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    How to Write a Restaurant Allergen Statement in 2021

    `Marketing` : Posted on September 1, 2021

    Making a diner sick is every restaurant's worst nightmare—especially if it's due to an allergic reaction to an ingredient that's slipped into the dish by mistake. An estimated 15 million Americans suffer from food allergies, so restaurants should take careful steps to protect their customers from consuming allergens for the sake of their patron's health and for their reputations (no one wants to risk a bad review!)

    There are various kitchen procedures chefs must address to create an allergy management plan for their restaurant, the most crucial step is developing an allergy statement for the menu. Flagging possible allergens in your menu descriptions is a great way to keep customers informed and ensure they enjoy a delicious meal without any dangerous and unwanted repercussions. 

    In this article, you will learn:

    • Why restaurants should take food allergies seriously
    • How to write a restaurant allergy statement 
    • Ways restaurants can help diners with allergies feel safer
    • How MarketMan's Allergan features can help your restaurant avoid allergic reactions 

    Why Restaurants Should Take Food Allergies Seriously

    Paying careful attention to diner's allergies is essential. While allergic reactions to food can damage a restaurant's credibility and reputation, they can also result in legal action against the restaurant and even criminal convictions. Still, it's important to note that all involved—the customer and the restaurant staff—can be held liable for a reaction, depending on the state. Preventing an allergic reaction comes down to communication and cooperation between both parties. 

    The customer is responsible for communicating their allergy to the restaurant staff. The staff is responsible for ensuring the customer is safe by either confirming the allergen is not prepared in the requested dish or recommending dishes that are 100% free of the allergen. They can also refuse service if they aren't sure if the food will be safe for the customer.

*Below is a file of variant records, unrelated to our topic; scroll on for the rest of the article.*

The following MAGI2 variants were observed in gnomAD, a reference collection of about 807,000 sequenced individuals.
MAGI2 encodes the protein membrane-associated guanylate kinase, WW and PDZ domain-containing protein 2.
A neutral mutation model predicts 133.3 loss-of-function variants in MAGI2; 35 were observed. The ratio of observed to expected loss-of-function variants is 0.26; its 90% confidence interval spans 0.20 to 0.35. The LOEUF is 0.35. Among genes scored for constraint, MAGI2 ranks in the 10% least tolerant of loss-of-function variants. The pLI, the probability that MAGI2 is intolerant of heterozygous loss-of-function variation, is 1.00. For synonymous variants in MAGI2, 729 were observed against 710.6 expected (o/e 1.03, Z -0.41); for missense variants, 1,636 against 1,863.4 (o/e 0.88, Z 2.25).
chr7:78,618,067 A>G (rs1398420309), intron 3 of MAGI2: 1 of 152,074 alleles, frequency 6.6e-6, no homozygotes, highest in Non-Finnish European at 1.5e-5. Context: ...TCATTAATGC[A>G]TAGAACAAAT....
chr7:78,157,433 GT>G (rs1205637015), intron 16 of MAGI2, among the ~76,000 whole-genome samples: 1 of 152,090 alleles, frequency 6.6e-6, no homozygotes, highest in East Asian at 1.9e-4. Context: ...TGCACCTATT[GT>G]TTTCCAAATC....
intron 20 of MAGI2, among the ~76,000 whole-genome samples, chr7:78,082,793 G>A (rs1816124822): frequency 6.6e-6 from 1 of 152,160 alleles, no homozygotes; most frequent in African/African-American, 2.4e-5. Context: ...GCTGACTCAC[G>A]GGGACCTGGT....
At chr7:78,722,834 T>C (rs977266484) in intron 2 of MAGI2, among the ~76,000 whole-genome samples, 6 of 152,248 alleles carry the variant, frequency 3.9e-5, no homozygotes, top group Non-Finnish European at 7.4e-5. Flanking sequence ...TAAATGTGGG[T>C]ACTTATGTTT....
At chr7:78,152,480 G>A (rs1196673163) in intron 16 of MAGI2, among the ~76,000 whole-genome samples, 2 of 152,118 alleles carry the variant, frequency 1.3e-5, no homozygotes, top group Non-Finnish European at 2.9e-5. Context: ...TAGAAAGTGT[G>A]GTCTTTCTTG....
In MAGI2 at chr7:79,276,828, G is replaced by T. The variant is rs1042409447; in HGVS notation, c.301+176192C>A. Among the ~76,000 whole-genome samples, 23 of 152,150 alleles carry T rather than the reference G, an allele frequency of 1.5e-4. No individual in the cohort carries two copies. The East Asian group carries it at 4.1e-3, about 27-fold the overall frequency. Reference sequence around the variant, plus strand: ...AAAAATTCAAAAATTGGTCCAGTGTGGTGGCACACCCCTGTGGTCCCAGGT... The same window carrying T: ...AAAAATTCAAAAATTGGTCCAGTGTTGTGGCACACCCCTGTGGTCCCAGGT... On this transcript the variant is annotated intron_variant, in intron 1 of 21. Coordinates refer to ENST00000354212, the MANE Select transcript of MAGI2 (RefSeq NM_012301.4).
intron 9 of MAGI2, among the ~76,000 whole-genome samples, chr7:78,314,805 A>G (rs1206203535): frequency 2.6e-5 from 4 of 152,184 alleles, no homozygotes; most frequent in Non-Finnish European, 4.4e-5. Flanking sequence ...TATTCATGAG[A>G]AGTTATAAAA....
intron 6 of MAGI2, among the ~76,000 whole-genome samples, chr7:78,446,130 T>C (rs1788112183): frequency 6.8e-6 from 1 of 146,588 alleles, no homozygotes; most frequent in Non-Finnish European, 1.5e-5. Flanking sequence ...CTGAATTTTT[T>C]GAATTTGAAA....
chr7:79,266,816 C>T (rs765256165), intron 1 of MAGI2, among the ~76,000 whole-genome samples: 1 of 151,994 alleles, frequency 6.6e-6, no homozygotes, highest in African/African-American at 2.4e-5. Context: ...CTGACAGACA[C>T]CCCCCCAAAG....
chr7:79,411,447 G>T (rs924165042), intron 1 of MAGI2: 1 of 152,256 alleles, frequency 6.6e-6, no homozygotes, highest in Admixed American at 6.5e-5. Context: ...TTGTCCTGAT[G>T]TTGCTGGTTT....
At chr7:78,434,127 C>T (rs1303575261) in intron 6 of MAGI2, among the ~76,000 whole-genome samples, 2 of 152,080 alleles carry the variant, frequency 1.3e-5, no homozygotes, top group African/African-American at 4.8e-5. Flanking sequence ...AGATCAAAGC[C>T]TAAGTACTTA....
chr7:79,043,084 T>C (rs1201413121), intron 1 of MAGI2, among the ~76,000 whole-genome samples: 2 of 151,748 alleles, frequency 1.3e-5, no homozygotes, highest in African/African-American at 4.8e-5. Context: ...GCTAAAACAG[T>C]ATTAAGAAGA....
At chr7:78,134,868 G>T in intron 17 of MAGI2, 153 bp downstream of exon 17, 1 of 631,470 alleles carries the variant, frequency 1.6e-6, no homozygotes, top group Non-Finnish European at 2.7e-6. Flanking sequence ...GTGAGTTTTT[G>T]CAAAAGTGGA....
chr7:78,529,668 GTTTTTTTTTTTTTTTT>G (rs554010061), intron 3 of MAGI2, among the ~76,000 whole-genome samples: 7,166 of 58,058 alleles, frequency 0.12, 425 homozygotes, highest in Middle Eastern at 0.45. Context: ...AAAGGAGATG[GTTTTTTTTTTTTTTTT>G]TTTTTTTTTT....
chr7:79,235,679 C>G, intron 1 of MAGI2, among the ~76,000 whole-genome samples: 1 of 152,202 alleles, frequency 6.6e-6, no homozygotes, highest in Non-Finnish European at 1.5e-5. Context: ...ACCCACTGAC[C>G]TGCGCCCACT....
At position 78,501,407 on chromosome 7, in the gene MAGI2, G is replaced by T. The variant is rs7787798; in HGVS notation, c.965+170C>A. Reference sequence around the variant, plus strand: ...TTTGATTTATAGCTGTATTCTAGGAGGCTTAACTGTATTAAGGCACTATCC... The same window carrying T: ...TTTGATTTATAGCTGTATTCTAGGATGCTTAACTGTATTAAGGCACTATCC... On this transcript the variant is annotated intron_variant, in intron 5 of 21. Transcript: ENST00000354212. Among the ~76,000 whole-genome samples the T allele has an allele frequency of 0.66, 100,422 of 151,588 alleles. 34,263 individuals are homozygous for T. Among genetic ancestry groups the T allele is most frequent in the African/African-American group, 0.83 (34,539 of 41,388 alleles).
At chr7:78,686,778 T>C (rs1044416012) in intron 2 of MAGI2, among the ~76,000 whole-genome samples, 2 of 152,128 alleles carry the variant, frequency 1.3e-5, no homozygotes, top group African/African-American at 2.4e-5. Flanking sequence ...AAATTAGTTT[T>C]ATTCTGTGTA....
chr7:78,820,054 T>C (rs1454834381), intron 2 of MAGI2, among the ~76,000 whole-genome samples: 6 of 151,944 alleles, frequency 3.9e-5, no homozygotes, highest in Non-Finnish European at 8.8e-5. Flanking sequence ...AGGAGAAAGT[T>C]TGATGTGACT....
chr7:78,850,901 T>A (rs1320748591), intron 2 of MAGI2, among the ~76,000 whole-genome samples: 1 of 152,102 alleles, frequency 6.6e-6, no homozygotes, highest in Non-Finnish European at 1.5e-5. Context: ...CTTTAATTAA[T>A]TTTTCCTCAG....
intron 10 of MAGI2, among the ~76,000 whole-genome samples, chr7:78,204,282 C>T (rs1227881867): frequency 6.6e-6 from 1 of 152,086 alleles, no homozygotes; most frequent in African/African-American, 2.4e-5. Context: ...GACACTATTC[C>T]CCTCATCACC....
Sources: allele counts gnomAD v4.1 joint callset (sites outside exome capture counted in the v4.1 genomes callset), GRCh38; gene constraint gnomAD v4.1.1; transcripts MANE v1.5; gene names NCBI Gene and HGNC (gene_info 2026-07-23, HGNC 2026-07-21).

According to the CDC, people can be allergic to almost any food, but eight foods or food groups account for the most severe allergic reactions in the US:

    • milk
    • Eggs
    • fish,
    • crustacean shellfish
    • wheat
    • soy
    • peanuts
    • tree nuts (including coconut)

    Allergic reactions to food can range from mild symptoms like itchy, burning skin to more severe issues like difficulty breathing and death. Food allergies are a growing public health issue, and allergic reactions at restaurants are more common than one might think. A survey of people with food allergies found that one in three had a reaction in a restaurant.

    How to Write a Restaurant Allergy Statement

    Verbal communication can fail, so it's wise to provide written allergen information, too. Customers will feel more in control over their food choices, and you'll also better protect your restaurant legally. Here's where preparing an allergy statement comes in handy. 

    An allergy statement alerts customers of allergens present in the kitchen. Usually, these statements identify some or all of the eight allergens mentioned earlier and recognized by law, including wheat/gluten, milk, eggs, peanuts, fish, shellfish, soy, and tree nuts.